We’ve featured some articles on the designs of pulp novel covers from the mid-20th century, including s look at the fonts used in those designs. We’ve also released fonts based on those designs, like suspicion. These old book cover designs are a great resource for period fonts and lettering, and in going through a slew of them, my eye was caught by the title design for the Dell reissues of the Mike Shayne mystery novels in the 1960s, which use a heavy weight font which mixes up traditional upper and lowercase forms. The font is very characteristic of 1960s book and poster design and similar to the font used for the first Rolling Stones Album and the Mickey Spillane pulp novels of the same period.
The Spillane font falls in the same general style but although it is about the same boldness, is notably different in having tiny serifs on the characters. It also uses just uppercase forms rather than mixing upper and lowercase, but in developing the Shayne font it was a useful reference for what the uppercase variants might look like.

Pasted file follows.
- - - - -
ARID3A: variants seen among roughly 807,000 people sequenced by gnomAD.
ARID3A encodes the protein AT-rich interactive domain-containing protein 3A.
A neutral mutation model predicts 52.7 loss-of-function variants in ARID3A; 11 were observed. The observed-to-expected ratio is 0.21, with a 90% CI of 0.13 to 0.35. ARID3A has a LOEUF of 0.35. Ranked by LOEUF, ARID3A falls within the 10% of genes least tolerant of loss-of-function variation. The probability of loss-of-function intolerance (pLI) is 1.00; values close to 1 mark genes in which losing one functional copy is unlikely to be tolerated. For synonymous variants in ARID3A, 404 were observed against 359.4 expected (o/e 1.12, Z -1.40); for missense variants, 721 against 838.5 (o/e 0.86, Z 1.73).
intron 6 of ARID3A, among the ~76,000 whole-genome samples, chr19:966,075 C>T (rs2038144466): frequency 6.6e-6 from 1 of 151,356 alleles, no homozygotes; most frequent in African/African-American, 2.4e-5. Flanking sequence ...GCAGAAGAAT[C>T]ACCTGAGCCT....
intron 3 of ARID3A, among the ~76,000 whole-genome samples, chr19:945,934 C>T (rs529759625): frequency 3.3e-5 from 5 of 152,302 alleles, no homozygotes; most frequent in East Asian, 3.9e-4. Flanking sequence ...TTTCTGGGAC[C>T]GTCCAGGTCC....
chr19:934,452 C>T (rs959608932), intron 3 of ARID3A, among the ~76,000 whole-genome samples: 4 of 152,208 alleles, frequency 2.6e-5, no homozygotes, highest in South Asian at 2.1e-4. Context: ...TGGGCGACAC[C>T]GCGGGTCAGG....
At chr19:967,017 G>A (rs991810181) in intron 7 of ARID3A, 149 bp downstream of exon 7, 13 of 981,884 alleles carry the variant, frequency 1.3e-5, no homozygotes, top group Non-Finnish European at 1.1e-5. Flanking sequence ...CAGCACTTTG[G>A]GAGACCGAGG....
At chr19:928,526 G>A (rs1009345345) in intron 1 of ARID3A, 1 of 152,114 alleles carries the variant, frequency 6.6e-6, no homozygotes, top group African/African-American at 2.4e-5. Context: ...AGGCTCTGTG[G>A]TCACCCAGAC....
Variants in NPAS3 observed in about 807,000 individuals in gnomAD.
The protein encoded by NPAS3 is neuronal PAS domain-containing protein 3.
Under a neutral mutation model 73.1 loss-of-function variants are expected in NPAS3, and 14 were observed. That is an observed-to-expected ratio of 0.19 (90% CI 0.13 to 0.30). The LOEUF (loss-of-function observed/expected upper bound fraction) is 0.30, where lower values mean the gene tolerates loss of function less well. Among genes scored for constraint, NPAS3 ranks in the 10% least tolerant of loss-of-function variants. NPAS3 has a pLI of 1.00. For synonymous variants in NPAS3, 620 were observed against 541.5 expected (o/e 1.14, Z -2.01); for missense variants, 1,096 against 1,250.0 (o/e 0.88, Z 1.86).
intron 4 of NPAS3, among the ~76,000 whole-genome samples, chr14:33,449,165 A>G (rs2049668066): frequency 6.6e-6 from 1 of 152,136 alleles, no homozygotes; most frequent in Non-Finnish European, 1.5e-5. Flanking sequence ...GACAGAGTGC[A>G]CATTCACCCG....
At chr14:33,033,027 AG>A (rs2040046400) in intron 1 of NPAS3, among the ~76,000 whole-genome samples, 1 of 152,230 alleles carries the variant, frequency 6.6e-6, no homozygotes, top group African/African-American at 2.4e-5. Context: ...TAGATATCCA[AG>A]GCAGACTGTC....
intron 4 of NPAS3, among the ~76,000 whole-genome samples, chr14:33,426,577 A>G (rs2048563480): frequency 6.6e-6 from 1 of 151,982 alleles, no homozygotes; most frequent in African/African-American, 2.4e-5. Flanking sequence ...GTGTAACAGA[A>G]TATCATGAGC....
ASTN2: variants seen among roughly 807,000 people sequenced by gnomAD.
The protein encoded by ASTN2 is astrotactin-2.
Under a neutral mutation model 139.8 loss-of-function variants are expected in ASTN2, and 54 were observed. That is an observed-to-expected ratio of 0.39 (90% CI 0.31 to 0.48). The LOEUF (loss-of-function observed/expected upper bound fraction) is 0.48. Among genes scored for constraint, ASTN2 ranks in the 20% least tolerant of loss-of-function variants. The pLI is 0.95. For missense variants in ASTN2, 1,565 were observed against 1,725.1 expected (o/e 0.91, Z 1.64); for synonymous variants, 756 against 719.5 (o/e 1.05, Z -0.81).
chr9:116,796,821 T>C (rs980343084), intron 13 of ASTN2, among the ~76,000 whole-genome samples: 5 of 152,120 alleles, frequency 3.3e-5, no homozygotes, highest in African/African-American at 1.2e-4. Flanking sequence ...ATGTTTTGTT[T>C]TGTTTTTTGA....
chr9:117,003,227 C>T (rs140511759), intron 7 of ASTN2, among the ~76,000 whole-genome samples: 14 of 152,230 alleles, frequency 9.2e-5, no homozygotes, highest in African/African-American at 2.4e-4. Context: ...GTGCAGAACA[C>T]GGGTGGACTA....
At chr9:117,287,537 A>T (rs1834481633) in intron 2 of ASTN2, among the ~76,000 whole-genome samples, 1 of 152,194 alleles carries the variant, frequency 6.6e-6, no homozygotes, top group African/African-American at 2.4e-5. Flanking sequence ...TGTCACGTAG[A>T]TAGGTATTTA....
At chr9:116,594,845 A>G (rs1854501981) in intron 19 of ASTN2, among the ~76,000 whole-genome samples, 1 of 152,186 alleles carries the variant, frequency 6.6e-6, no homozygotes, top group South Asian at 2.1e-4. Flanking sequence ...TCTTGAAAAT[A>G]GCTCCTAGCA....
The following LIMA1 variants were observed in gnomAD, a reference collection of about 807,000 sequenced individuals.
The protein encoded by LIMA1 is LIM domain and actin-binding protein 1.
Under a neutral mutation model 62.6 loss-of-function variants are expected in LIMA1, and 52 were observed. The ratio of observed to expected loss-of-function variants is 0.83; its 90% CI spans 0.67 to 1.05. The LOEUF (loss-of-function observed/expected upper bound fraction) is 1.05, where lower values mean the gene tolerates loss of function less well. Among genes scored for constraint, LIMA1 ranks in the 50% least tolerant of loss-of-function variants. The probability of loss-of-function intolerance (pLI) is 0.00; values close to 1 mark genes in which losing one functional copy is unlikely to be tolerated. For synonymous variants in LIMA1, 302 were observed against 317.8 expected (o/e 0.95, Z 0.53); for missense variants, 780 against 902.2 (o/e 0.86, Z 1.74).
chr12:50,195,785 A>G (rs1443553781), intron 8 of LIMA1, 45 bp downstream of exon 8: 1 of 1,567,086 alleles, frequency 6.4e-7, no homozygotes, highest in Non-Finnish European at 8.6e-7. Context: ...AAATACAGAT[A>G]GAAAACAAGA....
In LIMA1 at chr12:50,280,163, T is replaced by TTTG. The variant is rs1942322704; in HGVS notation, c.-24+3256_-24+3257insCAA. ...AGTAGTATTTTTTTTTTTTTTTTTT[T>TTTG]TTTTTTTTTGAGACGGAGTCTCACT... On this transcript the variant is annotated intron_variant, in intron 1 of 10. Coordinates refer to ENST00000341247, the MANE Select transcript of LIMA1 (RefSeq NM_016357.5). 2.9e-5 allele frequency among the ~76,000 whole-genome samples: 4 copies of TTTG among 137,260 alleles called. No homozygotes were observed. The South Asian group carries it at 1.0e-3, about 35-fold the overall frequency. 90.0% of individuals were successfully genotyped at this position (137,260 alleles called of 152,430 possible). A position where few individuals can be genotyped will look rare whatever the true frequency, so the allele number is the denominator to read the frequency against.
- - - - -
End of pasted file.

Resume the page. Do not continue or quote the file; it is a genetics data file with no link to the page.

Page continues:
The end result in the Shayne font is a heavy weight which mixes upper and lowercase character forms in a way which is very characteristic of 1960s design. It’s as excellent for posters and book covers today as it was when the Mike Shayne novels were popular.
The Mike Shayne mystery novels were written by a series of writers under the name Brett Halliday, and though they are not much remembered today, they were very popular, spawning 12 movies, a radio show and a television series. They followed the popular private eye conventions of the period, including the classic drawing room denouement with all of the suspects present. The series began in the 1930s and reached its peak of popularity in the late 1950s before being supplanted by racier hard-boiled detective fiction.